• Issue Related to The Case:

Will the driver of DTC get full payment along with interest?

• Judgement of The Case:

No, the application has been dismissed because applicant fails to show any rule in which he is entitled for paternity leave and instances where the respondents have granted the paternity leave to any of the employee working over there.

Conclusion-

The government of India taken a landmark step that has promoted the gender inequality regime across the nation. With the help paternity leave, fathers will definitely understand the responsibility of child and mother and take care of them too. After the paternity leave bill 2017, employers in the private sector must sanction paternity leave to their employees, but this is not compulsory for the private sector to follow them, they can mold or interpretate those guidelines in their own way.

First, the guidelines set out in the paternity leave bill, 2017 should be mandate for the private sector and separate legislation should be passed from the government to regulate the provision regarding paternity leave to protect the interests of employees.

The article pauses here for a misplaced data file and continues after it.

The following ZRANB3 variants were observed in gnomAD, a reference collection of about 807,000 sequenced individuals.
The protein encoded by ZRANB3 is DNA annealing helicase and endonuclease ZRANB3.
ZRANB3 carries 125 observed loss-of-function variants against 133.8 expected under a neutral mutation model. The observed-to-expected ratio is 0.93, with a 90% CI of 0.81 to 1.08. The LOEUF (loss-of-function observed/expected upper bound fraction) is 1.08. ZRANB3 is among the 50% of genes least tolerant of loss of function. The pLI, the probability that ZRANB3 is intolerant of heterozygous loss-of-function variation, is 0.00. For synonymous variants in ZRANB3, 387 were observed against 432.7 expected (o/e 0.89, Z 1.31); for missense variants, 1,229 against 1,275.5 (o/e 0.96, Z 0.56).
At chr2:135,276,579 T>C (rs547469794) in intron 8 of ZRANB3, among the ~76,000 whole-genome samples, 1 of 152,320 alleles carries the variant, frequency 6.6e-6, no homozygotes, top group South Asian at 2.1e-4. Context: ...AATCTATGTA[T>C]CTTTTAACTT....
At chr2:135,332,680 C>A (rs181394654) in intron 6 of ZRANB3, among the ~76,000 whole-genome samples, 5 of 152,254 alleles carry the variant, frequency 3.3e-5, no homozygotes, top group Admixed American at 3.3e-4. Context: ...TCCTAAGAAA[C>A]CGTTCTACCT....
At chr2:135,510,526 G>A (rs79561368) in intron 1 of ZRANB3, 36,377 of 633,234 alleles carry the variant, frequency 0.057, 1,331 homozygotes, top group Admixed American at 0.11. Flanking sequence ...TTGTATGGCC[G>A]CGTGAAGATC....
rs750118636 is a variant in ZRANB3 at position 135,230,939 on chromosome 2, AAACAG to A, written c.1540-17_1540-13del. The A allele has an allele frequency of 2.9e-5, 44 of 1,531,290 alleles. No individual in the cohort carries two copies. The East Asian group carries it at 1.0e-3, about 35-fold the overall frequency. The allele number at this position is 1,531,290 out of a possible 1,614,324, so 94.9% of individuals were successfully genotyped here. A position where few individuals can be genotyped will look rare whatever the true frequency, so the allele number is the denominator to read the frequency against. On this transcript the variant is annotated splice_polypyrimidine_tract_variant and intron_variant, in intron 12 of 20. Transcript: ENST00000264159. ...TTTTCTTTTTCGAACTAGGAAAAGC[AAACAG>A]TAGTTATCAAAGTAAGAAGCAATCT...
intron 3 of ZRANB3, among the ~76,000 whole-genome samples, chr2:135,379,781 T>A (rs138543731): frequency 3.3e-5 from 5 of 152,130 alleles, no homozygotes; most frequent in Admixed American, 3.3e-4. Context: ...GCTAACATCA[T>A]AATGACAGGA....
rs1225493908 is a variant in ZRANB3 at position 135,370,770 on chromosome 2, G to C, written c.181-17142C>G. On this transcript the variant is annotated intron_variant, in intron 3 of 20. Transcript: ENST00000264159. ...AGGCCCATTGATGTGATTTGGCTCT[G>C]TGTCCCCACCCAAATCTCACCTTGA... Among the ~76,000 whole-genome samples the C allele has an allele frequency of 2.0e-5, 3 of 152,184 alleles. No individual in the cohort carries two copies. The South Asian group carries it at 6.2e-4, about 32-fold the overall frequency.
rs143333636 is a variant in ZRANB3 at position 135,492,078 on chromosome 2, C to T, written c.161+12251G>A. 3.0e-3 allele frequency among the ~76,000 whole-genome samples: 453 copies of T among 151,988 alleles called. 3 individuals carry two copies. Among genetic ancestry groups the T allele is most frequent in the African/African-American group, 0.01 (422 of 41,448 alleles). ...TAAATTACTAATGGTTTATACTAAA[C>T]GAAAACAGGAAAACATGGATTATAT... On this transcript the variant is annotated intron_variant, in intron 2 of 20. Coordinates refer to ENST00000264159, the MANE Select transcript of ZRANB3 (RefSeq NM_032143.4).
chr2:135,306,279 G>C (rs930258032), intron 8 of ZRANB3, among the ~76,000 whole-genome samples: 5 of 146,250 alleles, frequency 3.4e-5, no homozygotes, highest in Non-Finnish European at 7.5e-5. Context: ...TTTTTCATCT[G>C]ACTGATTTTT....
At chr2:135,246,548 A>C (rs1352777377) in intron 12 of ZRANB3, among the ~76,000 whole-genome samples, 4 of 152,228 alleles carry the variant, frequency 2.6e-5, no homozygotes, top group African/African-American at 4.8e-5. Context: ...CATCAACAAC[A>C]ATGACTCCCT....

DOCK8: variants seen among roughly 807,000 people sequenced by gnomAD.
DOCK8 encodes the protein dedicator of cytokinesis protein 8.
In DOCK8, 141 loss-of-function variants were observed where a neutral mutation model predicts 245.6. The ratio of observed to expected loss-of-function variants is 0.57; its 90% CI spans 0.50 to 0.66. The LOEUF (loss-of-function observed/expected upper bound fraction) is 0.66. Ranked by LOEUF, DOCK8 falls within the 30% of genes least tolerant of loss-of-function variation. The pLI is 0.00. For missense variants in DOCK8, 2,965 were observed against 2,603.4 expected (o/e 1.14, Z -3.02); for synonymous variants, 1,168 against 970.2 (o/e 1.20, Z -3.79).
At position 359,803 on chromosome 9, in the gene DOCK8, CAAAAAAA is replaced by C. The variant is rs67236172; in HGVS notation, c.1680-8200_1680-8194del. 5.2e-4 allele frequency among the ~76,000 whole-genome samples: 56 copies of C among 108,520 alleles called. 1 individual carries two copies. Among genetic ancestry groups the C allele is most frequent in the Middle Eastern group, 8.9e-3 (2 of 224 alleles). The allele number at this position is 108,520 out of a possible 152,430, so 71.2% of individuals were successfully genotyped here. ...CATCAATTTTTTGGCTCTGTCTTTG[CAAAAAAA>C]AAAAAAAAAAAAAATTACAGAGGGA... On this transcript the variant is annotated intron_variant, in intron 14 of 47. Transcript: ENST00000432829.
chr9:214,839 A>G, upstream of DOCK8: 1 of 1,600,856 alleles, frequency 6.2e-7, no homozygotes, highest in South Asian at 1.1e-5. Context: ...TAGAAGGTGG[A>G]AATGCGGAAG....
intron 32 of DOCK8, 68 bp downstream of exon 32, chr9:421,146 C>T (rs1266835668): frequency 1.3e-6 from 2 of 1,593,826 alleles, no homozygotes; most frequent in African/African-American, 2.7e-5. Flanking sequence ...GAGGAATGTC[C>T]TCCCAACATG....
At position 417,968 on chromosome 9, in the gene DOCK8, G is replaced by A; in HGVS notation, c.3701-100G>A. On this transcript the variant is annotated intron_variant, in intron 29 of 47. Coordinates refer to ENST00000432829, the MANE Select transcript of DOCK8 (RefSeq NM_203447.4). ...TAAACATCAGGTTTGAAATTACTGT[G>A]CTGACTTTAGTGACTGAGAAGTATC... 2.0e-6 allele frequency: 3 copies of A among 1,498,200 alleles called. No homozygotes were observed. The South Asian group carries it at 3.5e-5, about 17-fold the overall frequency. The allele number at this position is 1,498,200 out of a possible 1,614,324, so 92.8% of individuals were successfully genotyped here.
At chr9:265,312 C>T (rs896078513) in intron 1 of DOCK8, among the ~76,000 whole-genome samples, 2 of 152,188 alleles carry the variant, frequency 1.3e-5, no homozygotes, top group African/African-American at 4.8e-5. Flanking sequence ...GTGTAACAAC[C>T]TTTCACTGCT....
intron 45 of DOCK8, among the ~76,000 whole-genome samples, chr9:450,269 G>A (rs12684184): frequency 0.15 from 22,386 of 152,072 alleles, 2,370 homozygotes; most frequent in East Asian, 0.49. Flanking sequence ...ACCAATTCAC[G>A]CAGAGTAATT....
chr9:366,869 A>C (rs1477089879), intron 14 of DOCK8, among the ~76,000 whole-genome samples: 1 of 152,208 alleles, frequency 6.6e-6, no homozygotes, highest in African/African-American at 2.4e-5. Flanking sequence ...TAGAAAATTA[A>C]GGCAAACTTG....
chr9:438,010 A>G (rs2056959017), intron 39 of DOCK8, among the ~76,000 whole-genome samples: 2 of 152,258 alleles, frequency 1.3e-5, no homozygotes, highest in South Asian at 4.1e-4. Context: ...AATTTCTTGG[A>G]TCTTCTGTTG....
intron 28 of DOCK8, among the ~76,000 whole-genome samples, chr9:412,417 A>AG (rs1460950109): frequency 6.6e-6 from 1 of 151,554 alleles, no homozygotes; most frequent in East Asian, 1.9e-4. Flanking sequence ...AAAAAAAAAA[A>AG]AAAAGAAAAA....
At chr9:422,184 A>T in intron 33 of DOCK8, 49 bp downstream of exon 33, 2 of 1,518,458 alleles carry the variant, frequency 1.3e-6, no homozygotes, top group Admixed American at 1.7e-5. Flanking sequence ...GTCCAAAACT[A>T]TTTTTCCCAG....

Second, the no. of leave i.e. 15 days, should exceeded because in my opinion, it is not enough to take care of the family.

Thirdly, the employer should provide an overview of all the evidence and documents submitted by a person on paternity leave to avoid criminal liability.

Finally, in Indian legislation we have the Maternity Benefit Act 1961, our country also need act such as paternity benefit act, which further helps to maintain gender neutrality. The initiative was a good one, but it would be excellent if it were binding on all sectors of the economy. Private corporations are still thinking about the provision of paternity leave, but some positive shift is definitely needed from their side so that interest of the employee stays protected.

References

i Maternity benefit act, 1961Accessed on: 23-05-2020 ii Miscarriage means loss of an embryo or fetus before the 20th week of pregnancy. Most miscarriages occur during the first 14 weeks of pregnancy. The medical term for miscarriage is spontaneous abortion available at https://medical-

dictionary.thefreedictionary.com/miscarriage Accessed on: 25-05-2020

iii The legal process that establishes a parent/child relationship between individuals who are not related by blood available at https://www.yourdictionary.com/adoption Accessed on:28-

05-2020 iv AIR 2009 available at https://indiankanoon.org/ Accessed on:31-05-2020 v AIR 2016 available at https://indiankanoon.org/ Accessed on:01-06-2020


Author Details: Pragya Kumar (Amity Law School, Noida)